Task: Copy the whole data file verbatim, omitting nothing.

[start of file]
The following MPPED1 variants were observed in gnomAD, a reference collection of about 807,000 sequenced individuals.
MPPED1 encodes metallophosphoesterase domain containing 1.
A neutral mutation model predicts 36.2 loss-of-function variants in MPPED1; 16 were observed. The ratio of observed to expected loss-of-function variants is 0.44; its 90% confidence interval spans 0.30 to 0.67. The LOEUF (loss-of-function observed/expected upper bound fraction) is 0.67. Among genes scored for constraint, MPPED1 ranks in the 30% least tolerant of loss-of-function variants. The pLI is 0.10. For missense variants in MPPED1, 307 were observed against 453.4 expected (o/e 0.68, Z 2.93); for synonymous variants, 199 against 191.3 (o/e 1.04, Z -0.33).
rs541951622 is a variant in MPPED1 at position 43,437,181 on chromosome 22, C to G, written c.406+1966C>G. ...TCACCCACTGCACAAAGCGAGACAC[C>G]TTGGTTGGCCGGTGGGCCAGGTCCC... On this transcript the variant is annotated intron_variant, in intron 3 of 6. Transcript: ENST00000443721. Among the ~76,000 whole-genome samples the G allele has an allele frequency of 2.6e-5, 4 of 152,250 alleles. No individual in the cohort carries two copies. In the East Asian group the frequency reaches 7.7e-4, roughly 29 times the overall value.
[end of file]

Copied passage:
The following MPPED1 variants were observed in gnomAD, a reference collection of about 807,000 sequenced individuals.
MPPED1 encodes metallophosphoesterase domain containing 1.
A neutral mutation model predicts 36.2 loss-of-function variants in MPPED1; 16 were observed. The ratio of observed to expected loss-of-function variants is 0.44; its 90% confidence interval spans 0.30 to 0.67. The LOEUF (loss-of-function observed/expected upper bound fraction) is 0.67. Among genes scored for constraint, MPPED1 ranks in the 30% least tolerant of loss-of-function variants. The pLI is 0.10. For missense variants in MPPED1, 307 were observed against 453.4 expected (o/e 0.68, Z 2.93); for synonymous variants, 199 against 191.3 (o/e 1.04, Z -0.33).
rs541951622 is a variant in MPPED1 at position 43,437,181 on chromosome 22, C to G, written c.406+1966C>G. ...TCACCCACTGCACAAAGCGAGACAC[C>G]TTGGTTGGCCGGTGGGCCAGGTCCC... On this transcript the variant is annotated intron_variant, in intron 3 of 6. Transcript: ENST00000443721. Among the ~76,000 whole-genome samples the G allele has an allele frequency of 2.6e-5, 4 of 152,250 alleles. No individual in the cohort carries two copies. In the East Asian group the frequency reaches 7.7e-4, roughly 29 times the overall value.